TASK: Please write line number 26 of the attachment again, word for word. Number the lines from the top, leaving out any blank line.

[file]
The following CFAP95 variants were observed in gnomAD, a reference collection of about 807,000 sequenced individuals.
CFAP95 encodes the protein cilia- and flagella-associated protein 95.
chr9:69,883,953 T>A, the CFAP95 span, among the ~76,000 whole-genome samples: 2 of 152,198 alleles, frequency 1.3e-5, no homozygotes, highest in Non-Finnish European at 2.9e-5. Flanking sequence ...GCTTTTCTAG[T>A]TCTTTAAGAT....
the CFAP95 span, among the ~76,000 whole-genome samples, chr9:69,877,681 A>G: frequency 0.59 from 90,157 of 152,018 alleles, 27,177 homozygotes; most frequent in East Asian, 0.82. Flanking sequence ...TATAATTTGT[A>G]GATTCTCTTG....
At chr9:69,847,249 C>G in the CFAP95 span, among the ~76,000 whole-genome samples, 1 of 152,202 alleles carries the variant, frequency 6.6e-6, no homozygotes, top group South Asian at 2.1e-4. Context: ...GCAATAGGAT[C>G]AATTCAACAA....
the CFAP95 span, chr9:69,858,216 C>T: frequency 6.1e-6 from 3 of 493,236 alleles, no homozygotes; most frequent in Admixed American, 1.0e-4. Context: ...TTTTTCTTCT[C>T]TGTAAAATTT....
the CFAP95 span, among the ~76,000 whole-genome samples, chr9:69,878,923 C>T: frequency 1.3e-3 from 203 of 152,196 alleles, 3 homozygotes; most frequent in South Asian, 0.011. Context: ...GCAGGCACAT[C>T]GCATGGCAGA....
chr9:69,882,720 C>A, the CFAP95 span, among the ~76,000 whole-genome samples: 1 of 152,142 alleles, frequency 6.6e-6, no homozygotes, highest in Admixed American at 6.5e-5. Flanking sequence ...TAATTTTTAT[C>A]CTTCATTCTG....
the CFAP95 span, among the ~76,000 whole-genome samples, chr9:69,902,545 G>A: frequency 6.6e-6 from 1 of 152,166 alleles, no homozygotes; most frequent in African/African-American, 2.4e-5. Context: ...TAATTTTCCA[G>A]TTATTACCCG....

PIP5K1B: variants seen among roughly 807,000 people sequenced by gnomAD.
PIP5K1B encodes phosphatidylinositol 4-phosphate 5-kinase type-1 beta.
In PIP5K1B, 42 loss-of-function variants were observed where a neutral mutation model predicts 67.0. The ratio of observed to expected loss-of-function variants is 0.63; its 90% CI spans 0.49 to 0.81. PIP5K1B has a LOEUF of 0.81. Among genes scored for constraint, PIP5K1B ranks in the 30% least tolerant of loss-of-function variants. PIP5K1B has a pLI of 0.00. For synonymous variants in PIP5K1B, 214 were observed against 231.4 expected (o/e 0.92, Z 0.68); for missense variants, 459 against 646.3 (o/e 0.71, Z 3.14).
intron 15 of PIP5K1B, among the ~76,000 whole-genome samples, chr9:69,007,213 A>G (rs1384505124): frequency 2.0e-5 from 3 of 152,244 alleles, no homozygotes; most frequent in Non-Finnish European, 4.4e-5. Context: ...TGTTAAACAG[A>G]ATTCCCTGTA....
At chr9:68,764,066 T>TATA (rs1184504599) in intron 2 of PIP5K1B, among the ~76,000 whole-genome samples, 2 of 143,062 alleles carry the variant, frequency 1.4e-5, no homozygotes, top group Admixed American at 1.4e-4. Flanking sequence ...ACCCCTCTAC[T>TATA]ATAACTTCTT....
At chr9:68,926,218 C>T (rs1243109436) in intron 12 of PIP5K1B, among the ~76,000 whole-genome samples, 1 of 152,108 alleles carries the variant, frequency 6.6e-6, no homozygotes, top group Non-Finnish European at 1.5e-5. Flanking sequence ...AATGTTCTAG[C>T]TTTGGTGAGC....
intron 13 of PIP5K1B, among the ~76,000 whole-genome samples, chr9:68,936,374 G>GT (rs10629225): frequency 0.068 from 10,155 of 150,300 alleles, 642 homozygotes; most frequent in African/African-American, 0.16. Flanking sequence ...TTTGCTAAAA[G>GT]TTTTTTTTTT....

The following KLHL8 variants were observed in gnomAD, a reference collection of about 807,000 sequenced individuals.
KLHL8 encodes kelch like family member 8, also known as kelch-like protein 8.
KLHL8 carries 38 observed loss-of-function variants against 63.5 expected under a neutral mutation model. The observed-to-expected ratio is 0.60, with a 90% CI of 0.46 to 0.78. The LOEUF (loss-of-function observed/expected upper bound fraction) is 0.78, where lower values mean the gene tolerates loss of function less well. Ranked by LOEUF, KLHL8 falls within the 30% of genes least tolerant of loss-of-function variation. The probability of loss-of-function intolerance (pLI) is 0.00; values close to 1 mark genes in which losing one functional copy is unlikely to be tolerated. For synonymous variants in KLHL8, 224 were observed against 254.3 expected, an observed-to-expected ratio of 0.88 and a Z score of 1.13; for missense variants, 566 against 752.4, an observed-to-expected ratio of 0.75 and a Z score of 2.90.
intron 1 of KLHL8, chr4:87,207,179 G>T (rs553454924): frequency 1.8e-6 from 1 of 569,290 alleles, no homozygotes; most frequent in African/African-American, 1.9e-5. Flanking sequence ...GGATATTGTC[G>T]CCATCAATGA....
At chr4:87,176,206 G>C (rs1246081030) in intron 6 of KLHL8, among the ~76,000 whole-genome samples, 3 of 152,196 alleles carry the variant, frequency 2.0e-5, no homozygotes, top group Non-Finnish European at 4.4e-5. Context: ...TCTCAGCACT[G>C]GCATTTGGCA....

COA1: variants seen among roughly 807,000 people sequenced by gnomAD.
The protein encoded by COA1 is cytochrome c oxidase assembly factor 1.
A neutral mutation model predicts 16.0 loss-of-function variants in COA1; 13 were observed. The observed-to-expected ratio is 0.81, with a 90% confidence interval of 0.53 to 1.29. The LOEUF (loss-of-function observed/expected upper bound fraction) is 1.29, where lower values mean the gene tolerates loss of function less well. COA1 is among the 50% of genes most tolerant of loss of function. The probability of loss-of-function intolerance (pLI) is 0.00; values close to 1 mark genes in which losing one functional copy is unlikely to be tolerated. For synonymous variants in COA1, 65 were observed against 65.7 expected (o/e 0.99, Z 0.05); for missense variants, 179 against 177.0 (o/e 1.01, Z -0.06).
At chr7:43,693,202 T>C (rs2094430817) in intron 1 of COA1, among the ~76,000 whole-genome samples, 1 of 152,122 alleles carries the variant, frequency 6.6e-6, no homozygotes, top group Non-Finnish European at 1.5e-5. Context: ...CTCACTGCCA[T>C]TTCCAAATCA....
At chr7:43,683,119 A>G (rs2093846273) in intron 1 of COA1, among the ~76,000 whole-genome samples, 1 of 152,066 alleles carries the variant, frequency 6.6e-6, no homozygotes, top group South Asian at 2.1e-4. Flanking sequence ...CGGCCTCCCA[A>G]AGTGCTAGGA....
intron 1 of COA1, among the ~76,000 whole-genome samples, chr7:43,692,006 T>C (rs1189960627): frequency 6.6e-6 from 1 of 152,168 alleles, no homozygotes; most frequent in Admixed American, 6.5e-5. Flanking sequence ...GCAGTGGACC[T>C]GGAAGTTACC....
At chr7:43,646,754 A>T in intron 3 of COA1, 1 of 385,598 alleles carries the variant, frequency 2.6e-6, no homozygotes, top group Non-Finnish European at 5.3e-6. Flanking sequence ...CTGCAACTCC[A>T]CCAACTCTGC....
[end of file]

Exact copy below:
At chr7:43,683,119 A>G (rs2093846273) in intron 1 of COA1, among the ~76,000 whole-genome samples, 1 of 152,066 alleles carries the variant, frequency 6.6e-6, no homozygotes, top group South Asian at 2.1e-4. Flanking sequence ...CGGCCTCCCA[A>G]AGTGCTAGGA....